Home | Contact Us | Credits 
Archaeological Field School

One of the central aspects of the Taloyoak Project was the archaeological survey of the Netsilik Lake and River area. During august 2004, the archaeology survey was conducted by archaeologist Ken Swayze, Ericka Chemok, a representative from IHT, and five students from the community: Sandy Oleekatalik, Nancy Paniloo, Peter Totalik, Ben Qilluniq and Kaylie Oleekatalik.

The survey team was in the field from the 14th to the 23rd of August, 2004 for a total of nine days. During that time the team surveyed both sides of the Netsilik River with all-terrain vehicles and a boat.

The Camp Qilluniq's Camp

 

 

 

 

 

 

When the team was not out on the land surveying they were hosted by Mary and Joseph Qilluniq at their camp Iglutalik. The Qilluniq's camp was well outfitted with three cabins, tow of which housed the team during their stay, shacks, a dock, drying racks, a walkway and an outhouse.

The girls were housed in one cabin, while Peter and Ken camped out in the other. The Qilluniq's son Ben joined the survey team to help guide the surveyors while out on the land.

Bad weather ~ Disturbing Sites

There is a belief that if an archaeological site or artifact is disturbed, the weather will turn bad. In fact bad weather seemed to follow the team for most of the archaeological survey.

Community members good naturally teased that we were responsible for the weather. They were however, very serious about not touching or tampering with anything we found that was old. This was an important message both for the survey team and community as many sites along the Netsilik River had been looted or disturbed with some sites badly damaged. When sites or artifacts are disturbed or damaged information about the people who had lived and used the area in the past is lost forever.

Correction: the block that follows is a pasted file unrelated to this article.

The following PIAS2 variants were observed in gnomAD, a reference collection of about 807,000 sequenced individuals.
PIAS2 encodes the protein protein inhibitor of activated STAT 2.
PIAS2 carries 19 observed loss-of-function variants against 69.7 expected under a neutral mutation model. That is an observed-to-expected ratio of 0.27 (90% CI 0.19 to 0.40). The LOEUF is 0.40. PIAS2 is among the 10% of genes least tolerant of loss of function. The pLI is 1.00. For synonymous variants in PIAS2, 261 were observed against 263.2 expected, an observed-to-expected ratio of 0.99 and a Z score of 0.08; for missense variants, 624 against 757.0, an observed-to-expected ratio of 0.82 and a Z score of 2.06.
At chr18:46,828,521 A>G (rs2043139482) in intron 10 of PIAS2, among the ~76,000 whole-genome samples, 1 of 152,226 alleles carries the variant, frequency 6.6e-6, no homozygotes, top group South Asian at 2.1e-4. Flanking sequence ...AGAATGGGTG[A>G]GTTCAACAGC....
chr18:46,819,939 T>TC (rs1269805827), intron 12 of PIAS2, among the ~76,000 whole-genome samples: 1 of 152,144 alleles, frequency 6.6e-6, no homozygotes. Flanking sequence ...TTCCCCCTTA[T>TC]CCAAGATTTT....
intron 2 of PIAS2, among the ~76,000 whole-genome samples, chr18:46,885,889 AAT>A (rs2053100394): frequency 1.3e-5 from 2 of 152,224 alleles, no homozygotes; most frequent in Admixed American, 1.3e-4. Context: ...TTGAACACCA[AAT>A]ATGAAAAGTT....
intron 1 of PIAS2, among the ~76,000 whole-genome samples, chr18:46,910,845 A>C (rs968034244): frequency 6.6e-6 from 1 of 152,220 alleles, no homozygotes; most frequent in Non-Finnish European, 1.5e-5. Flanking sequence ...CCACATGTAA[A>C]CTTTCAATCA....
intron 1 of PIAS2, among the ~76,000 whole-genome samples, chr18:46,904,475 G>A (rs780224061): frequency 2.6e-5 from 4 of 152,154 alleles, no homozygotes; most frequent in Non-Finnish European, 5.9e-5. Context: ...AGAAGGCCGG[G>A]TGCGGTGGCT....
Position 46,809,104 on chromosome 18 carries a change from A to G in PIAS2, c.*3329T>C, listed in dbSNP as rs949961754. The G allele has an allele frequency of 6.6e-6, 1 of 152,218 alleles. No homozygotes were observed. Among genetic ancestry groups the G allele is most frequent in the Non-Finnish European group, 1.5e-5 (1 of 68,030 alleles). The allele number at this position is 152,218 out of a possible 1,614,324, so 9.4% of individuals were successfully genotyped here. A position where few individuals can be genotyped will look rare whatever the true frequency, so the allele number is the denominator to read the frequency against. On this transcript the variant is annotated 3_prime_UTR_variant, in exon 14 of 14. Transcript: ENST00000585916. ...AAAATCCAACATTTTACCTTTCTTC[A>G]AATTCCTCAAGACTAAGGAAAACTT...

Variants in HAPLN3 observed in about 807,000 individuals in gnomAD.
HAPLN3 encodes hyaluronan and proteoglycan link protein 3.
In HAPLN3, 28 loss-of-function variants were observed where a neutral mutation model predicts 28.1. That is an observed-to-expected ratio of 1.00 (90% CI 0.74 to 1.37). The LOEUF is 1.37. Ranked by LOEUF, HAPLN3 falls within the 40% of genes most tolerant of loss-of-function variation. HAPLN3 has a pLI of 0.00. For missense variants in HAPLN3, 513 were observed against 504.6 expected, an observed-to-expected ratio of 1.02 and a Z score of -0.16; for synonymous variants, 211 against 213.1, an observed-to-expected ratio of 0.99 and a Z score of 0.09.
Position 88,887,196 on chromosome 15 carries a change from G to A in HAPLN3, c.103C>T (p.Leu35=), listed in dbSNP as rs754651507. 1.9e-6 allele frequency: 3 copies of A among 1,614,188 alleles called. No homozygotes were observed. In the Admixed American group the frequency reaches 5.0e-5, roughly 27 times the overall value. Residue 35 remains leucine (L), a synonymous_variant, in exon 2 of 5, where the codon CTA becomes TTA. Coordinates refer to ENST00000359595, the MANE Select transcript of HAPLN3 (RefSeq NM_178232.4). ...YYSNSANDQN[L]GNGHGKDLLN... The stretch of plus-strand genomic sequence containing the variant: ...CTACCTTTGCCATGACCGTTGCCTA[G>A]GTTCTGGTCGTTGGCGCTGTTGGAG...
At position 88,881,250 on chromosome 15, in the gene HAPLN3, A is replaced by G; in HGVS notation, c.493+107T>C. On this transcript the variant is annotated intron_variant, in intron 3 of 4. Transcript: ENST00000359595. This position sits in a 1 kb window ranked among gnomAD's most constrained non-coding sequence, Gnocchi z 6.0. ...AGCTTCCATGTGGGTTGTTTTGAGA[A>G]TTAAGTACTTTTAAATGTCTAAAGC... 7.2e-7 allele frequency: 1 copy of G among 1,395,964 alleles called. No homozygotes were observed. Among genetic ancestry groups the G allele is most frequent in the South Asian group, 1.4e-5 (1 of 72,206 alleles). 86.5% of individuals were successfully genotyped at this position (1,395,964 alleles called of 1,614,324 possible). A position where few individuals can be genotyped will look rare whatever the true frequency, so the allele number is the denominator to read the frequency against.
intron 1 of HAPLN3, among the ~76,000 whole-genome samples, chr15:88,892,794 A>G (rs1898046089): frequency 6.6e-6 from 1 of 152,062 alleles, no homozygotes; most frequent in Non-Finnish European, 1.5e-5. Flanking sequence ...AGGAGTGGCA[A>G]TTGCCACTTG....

Radio Presentations to the Community Radio Presentation

 

 

 

 

 

After the survey was completed the team returned from Iglutalik to Taloyoak and joined the students who worked on the oral history section. Together the students gathered at the radio station to share their experiences with the community on a radio talk show. Many elders called in to the show to share their own storied and to challenge or discuss what others had to say. The elders also emphasized the importance of not disturbing old sites and artifacts.

Community Pride

Community members were pleased that this project had been successful and that the students had been able to participate and learn new skills. They hoped the students would continue on with their studies, particularly the science of archaeology.

The community expressed their pride in these students for participation in this project and sharing what they had learnt.

The Qilluniq's

Click for interview with the Qilluniq's



 

The Qilluniq's

As well as playing gracious hosts to the team, Martha and Joseph know the land and the history of the area very well.

Martha is very skilled rock and bone collector and goes out with Mary, their dog, at least once a day to add to her collection. She searches for unique rocks and bones that are in some way beautiful or have interesting humanlike qualities to them. they were both able to help answer questions and lead advice to the survey team as they set out on their various expeditions and forays.

Student Work

While at camp the students were responsible to help out and keep the camp organized and running smoothly. This included cleaning, cooking, gathering water, drying clothes, starting fires and lighting the coleman stoves. Many of these tasks were new to the students and they learned valuable skills for traveling and camping on the land.

Student Journals

As part of the field school students were required to keep a daily journal of their experiences. The journals help students record their adventures and personal insights. Many reflected on how archaeology and the recording of local history impacted the community.

Students wrote about their discoveries such as finding a caribou cache with the remains of a mummified caribou still intact. Peter described how he came across several inukshuks on the first day.

Nancy Paniloo Peter Totalik

Click on students to view their journals

 

 

Continue to Archeaology in the Arctic Next Button